I was a noble, a fancy Memser, and a vision in pink and purple. I was the most flamboyant man in Tyria – really, a Mesmer in pink/purple armor, you think you can top that? – and I was gorgeous. I slicked my hair back as I admired my reflection in the mirror. No, I wasn’t going to go all cray cray and ask the mirror who the fairest of them all was because I knew in my heart that it was me. Period.
Though I was born to riches and a silver spoon – literally – in my mouth, I knew I didn’t want to become one of those fat, jolly men who bathed in gold and didn’t give a tinker’s toot to the plight of the less fortunate. Yeah sure, we were rich now and could afford all kinds of luxurious fabrics and exotic meat from the land of Tyria but we should never ever tempt Fate because the cosmic universe just loves to throw you a curveball when you least expect it. And what that happens, all you horrible human beings who’ve never known hardship will be thrown out on your asses and starve to death.
And seriously, dolyak meat? Really? What the hell is wrong with you people?
For many people, the first open beta event for Guild Wars 2 can best be described by grabbing your nearest thesaurus and looking up the word “awesome.” It was our first look at Lion’s Arch; our first look at armor and weapons associated with all 8 dungeons; our first opportunity to, well, play the game we’ve been drooling over for 2+ years. Long have we loitered fansites and forums speculating about professions and skills and scouring youtube for videos of gameplay footage. This past weekend was the first opportunity for thousands of people to immerse themselves in the game that is the talk of the MMO scene.
The sylvari, together with the asura, are the races we haven’t yet gotten to play either in the closed beta or during the first beta weekend event. They both were playable during some gaming conventions (like GamesCom 2011), so we know they exist in a playable state, at least! But of course, not having been able to play them myself, I am very curious about them. I know I will love asura. There’s just no doubt about that. But what about the sylvari?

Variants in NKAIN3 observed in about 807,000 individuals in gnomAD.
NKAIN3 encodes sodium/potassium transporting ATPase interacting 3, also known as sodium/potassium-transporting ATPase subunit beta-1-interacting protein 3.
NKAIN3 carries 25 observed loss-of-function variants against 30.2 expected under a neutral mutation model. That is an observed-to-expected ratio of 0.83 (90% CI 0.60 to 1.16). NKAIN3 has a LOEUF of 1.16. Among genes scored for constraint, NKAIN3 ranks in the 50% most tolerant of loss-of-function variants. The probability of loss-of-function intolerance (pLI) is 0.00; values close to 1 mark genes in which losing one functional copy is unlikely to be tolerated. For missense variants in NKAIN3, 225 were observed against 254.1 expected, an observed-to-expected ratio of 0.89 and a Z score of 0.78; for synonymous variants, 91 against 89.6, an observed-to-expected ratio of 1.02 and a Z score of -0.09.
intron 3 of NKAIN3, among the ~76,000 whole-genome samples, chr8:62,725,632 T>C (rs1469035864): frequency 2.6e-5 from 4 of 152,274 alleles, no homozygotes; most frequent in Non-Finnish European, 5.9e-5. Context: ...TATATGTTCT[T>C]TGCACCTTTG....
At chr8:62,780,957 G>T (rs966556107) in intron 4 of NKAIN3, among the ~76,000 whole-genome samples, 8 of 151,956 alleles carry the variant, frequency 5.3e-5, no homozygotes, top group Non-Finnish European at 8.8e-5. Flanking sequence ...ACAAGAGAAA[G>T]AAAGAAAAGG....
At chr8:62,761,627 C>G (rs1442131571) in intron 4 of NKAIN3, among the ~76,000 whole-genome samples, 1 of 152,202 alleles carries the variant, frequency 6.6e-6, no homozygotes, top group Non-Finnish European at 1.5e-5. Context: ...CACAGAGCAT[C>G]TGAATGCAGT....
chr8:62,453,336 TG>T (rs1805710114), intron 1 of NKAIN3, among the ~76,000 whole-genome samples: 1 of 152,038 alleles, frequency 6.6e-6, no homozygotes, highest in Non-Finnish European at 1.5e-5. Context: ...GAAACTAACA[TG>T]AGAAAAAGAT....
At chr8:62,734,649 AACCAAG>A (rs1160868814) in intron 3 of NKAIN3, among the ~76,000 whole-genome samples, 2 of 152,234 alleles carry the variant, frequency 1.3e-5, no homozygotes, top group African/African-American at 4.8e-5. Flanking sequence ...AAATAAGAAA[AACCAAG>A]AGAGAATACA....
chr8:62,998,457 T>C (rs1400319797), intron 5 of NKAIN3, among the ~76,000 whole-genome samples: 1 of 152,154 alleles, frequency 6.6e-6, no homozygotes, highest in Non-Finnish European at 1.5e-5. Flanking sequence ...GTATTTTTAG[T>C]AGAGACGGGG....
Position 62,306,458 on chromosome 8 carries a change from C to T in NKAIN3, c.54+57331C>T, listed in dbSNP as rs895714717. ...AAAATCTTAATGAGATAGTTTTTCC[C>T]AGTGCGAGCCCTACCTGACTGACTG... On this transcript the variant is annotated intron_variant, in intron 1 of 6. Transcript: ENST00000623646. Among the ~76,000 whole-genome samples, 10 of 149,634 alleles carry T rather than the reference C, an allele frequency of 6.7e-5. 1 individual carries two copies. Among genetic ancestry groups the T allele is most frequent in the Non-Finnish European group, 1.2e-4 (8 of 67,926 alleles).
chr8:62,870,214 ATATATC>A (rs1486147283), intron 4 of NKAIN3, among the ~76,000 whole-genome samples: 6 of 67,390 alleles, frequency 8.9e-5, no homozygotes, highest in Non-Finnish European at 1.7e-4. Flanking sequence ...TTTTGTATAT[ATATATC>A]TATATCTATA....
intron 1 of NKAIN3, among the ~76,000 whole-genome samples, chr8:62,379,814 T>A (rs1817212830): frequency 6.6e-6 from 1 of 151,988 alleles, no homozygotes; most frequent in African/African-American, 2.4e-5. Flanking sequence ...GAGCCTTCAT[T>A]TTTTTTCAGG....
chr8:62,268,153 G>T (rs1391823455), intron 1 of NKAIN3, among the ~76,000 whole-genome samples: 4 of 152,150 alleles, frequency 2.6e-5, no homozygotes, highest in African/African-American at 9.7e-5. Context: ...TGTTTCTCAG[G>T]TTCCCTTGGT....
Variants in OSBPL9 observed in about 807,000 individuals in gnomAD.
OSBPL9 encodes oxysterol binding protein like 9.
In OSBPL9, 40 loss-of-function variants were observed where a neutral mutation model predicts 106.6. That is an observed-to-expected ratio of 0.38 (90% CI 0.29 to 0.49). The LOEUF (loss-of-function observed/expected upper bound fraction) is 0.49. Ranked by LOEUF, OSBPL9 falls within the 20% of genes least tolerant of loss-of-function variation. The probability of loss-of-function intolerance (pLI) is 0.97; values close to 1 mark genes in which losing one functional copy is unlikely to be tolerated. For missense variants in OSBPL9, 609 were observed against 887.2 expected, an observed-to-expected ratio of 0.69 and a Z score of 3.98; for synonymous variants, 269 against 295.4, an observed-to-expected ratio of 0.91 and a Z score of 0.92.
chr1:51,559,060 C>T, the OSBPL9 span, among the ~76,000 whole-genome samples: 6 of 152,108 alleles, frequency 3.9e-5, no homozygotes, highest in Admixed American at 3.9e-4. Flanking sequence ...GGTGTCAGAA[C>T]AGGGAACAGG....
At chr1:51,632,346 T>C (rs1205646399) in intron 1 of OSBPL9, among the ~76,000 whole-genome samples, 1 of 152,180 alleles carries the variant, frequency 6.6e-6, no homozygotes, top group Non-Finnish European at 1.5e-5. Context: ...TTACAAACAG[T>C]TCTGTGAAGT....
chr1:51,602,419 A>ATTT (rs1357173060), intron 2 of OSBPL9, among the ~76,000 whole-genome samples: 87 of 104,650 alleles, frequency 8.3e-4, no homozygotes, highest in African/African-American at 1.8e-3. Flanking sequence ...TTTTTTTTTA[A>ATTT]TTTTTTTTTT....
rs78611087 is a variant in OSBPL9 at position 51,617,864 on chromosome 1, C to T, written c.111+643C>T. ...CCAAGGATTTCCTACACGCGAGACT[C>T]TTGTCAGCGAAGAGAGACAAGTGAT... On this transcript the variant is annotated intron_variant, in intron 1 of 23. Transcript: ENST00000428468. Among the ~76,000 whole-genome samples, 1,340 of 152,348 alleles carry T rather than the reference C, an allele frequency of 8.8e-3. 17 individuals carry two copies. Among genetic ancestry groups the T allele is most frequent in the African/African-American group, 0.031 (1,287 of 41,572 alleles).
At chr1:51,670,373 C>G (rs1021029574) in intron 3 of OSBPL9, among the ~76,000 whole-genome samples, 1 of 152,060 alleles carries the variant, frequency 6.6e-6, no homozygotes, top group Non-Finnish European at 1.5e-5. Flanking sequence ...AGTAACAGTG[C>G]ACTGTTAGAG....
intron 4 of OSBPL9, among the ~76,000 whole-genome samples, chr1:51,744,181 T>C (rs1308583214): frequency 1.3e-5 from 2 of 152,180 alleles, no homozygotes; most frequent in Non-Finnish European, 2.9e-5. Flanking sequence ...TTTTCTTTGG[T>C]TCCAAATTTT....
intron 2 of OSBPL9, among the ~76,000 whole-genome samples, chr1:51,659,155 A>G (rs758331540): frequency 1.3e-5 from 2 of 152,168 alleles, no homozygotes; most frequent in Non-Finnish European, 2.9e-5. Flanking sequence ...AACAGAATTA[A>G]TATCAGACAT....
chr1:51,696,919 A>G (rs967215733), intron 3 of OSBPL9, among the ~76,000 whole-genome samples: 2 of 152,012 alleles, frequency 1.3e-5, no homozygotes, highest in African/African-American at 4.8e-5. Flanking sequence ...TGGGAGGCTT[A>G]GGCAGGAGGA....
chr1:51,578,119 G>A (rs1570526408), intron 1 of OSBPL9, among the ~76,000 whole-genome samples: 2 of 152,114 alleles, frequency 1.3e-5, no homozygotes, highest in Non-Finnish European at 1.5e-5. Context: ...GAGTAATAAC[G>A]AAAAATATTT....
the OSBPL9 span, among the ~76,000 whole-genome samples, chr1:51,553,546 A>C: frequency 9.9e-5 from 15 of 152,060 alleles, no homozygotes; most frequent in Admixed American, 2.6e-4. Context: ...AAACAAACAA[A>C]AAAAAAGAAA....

For me, they come close to what elves represent in other fantasy games. Think of your standard fantasy settings and now think of how many games include some kind of elves: Lord of the Rings Online, World of Warcraft, Everquest, Rift,… the list goes on. Elves are usually the fragile, elegant, gracious, wise and oooooold race. The sylvari are all of that with one exception; They are a very young race with the oldest sylvari being 25 years old. I’d assume that sylvari will most likely be the race to play when you’re usually an elf-lover because of their looks. But from their personality and their background, they’re rather unique.
They are a tree’s interpretation of humans. (Kristen Perry in Talk Tyria’s lore interview)
Let’s take a look at the sylvari: They can have elf-like ears (pointed, that is, in case you didn’t know). You can find a video showing the early sylvari character customization here (it starts at around 3:30). Their ears are pointed because they’re leaf-shaped. Which, oddly enough, is what Tolkien had in mind for his elves (see Wiki entry above). But it’s not that easy. Sylvari aren’t simply “the elves”. You have to look a bit closer to see the differences between elves (or humans) and sylvari. They are, in fact, plants that were built after humans because the Pale Tree, out of which they were “born”, knows what humans look like and modelled the sylvari after them. ArenaNet had published a blog post about Kristen Perry’s redesign of the sylvari (they did actually look very much like regular elves before). Continue reading →